2016-03-24 / Front Page

Middletown Recruit Works Like a Dog

By Olga Enger


Officer David Guerriero stands with Luca, a 19-month-old Belgian Malinois who is the newest member of the Middletown Police Department. 
(Photo by Olga Enger) Officer David Guerriero stands with Luca, a 19-month-old Belgian Malinois who is the newest member of the Middletown Police Department. (Photo by Olga Enger) A year after a Middletown officer asked council to throw the town a bone by approving a new K-9 unit, a friendly, albeit furry, new recruit was officially sworn into the police department ranks.

“His drive is through the roof,” said Officer David Guerriero about Luca, a 19-month-old Belgian Malinois. Guerriero first pitched the K-9 department in 2014.

“It’s something I’ve always wanted to do,” said Guerriero. “The chief is always interested in expanding our department in a positive way.” Although the town had a K-9 department in the 1980s, the reason it was not continued is unknown.

Over a year after he first began his research, Guerriero stood proudly by Luca as the dog was sworn into the department’s newly re-established K-9 unit at a ceremony held March 21 at Middletown Town Hall.


Officer Guerriero and Luca at a recent event teaching about the duties of the K-9 unit, the Belgian Malinois breed and the training necessary for this specialized assignment. Officer Guerriero and Luca at a recent event teaching about the duties of the K-9 unit, the Belgian Malinois breed and the training necessary for this specialized assignment. When Guerriero made the initial presentation before council, the K-9 handler knew he would have to keep costs low in order to get a nod of approval.

“The average startup costs for a K-9 unit are between $45,000 and $50,000. Dave put a proposal together that would cost around $10,000, and we are below that because he has put so much work into it,” said Middletown Lt. Jason Ryan.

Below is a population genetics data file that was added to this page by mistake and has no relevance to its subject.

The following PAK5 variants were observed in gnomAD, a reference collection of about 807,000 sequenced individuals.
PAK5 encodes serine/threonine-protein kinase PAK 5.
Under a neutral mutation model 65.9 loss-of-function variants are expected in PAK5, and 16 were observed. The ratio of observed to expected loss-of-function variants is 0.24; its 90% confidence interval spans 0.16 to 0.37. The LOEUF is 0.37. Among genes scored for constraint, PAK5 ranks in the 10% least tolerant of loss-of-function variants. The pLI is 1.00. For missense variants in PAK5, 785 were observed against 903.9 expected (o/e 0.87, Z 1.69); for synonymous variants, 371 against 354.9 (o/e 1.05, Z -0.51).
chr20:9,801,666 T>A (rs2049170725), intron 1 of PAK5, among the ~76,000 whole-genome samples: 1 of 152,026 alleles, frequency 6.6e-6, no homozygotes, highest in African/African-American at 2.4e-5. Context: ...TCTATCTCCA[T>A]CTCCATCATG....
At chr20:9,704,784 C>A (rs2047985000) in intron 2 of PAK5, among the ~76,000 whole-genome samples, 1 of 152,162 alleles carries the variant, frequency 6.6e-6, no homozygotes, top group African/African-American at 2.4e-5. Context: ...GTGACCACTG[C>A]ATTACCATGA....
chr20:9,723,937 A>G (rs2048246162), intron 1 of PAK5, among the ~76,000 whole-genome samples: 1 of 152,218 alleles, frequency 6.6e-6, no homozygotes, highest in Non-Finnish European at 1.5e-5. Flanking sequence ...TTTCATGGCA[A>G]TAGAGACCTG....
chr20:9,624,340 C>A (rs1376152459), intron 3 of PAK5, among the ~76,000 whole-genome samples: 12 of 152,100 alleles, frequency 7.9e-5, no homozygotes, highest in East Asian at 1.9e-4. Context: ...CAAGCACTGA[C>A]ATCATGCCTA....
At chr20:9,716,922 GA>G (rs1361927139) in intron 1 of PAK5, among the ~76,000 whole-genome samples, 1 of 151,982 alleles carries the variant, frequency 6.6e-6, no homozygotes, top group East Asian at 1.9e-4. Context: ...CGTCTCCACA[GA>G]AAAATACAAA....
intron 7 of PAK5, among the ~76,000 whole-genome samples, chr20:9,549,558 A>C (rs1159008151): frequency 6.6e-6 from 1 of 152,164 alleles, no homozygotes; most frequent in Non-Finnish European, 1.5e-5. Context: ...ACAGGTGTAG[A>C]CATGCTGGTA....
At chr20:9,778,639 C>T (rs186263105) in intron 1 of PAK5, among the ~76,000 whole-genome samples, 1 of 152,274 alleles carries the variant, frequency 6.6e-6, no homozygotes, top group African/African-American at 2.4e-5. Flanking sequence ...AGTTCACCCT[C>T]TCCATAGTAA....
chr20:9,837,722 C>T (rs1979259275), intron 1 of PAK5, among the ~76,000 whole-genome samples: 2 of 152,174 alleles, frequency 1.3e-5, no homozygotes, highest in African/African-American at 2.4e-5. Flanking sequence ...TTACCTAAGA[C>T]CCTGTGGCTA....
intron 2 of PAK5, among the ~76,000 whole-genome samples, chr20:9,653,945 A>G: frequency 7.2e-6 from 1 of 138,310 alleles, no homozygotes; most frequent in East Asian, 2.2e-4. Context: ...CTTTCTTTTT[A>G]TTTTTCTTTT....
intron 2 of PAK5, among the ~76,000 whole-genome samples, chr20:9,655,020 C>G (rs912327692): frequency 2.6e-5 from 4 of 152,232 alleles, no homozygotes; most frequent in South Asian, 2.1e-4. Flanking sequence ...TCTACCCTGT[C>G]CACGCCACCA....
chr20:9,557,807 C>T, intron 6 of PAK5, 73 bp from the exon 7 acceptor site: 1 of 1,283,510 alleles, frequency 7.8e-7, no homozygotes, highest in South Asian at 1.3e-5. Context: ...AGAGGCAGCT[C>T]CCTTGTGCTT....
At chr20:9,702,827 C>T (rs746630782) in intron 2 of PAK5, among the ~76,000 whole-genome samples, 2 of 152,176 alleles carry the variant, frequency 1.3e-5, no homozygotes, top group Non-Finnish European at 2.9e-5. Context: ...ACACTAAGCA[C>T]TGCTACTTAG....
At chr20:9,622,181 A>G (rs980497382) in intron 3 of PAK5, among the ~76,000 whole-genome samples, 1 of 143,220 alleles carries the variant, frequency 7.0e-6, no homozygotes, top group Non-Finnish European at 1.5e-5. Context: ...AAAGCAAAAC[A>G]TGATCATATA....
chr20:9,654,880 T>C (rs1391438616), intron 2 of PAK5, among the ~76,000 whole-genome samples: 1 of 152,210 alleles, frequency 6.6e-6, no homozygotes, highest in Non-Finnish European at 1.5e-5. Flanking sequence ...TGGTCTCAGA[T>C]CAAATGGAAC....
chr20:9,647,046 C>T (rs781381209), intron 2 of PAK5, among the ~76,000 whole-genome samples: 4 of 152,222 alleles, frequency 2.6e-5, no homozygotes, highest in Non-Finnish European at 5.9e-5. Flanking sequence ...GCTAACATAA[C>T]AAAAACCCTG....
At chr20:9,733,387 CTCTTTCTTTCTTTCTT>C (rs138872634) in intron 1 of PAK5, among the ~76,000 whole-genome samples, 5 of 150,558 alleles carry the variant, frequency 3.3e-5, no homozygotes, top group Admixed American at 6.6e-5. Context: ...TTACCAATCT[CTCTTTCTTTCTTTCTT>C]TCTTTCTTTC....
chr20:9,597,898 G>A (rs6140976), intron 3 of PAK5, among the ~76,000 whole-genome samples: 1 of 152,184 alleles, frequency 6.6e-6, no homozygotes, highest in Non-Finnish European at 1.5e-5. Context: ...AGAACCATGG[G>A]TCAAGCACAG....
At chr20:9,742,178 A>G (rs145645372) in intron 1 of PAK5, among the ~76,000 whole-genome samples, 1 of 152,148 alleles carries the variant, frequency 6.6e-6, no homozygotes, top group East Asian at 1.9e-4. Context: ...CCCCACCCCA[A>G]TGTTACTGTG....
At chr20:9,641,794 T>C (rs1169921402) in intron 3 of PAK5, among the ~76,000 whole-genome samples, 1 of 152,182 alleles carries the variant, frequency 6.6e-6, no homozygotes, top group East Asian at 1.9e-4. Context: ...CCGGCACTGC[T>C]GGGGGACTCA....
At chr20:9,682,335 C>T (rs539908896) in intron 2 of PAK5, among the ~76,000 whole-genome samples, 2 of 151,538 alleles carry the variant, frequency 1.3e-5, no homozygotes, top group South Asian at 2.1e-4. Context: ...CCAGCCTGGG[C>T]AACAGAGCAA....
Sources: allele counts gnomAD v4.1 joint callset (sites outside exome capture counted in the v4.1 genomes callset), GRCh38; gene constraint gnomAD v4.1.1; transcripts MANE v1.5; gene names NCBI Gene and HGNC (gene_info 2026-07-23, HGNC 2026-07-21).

“I remember the day it was approved by Town Council well, because it was the same day my son was born. It was the July 6 meeting,” Guerriero laughed. “My wife needed the rest anyhow.”

Once approved, Guerriero’s next step was to find the right dog. After a couple of unsuccessful attempts with labs, the officer reached out to Matt Betts, of K9 Instincts in Portsmouth, for information.

Not only did Betts recommend the Belgian Malinois breed, but he also donated the dog, saving the department $8,500.

“We wanted to get a dog that is friendly. Luca was only 10 months. He was crazy, but I was able to mold him,” said Guerriero.

The next step was training, an effort which was donated by Steve Hauser at the Rhode Island Department of Corrections. Every month, Luca and Guerriero spend 16 hours in training, exposing Luca to different circumstances that he may encounter on the job.

On Oct. 9, Luca was certified in narcotics detection and tracking by the North American Police Work Dogs Association. The pair is available to any department as needed.

“We are on-call 24 hours a day,” said Guerriero. “So far, Luca has assisted in 45 arrests and has helped find two missing people.”

Luca was trained by his fondness for a black, rubber PVC pipe.

“He will do anything for that toy,” said Guerriero. “That’s what you are looking for, that drive. Work is play. It’s a game. If he is tracking someone, he thinks he is looking for the toy.”

Guerriero added that the dog’s ability to track a person depends on factors such as wind and rain.

“As long as we are there within an hour, it depends on the environment.

We show up, throw on the tracking harness. He is trained to stay on scent,” said Guerriero.

Luca, who came from Holland, responds to Dutch commands, which protects the dog from fol- lowing unauthorized instructions from observers.

Although some dogs are trained to be aggressive, such as those who assist border patrol agents, Luca has been socialized to be a community officer as much as a work dog, said Guerriero.

“We recently took him to an Easter egg hunt at the high school and two-year-olds were petting him. He loved it.”

To accommodate his fourlegged partner, a cruiser was modified with a kennel, tinted windows and a fan to keep the car cool. It is also equipped with a temperature gauge that alerts Guerriero if it becomes too hot inside the car and kicks off the fan.

The donations toward Luca’s career didn’t stop with K9 Instincts or Hauser’s training.

“We just found out a company, Vested Interest in K9s, donated a bullet and stab protective vest for Luca,” Ryan said. He added that individual contributions have helped offset costs.

The first thing officers are taught in training is to prepare for the day when the dog retires from work. When asked how he would handle that day, Guerriero shook his head.

“I don’t know. I hope it’s not for many years,” said the officer.

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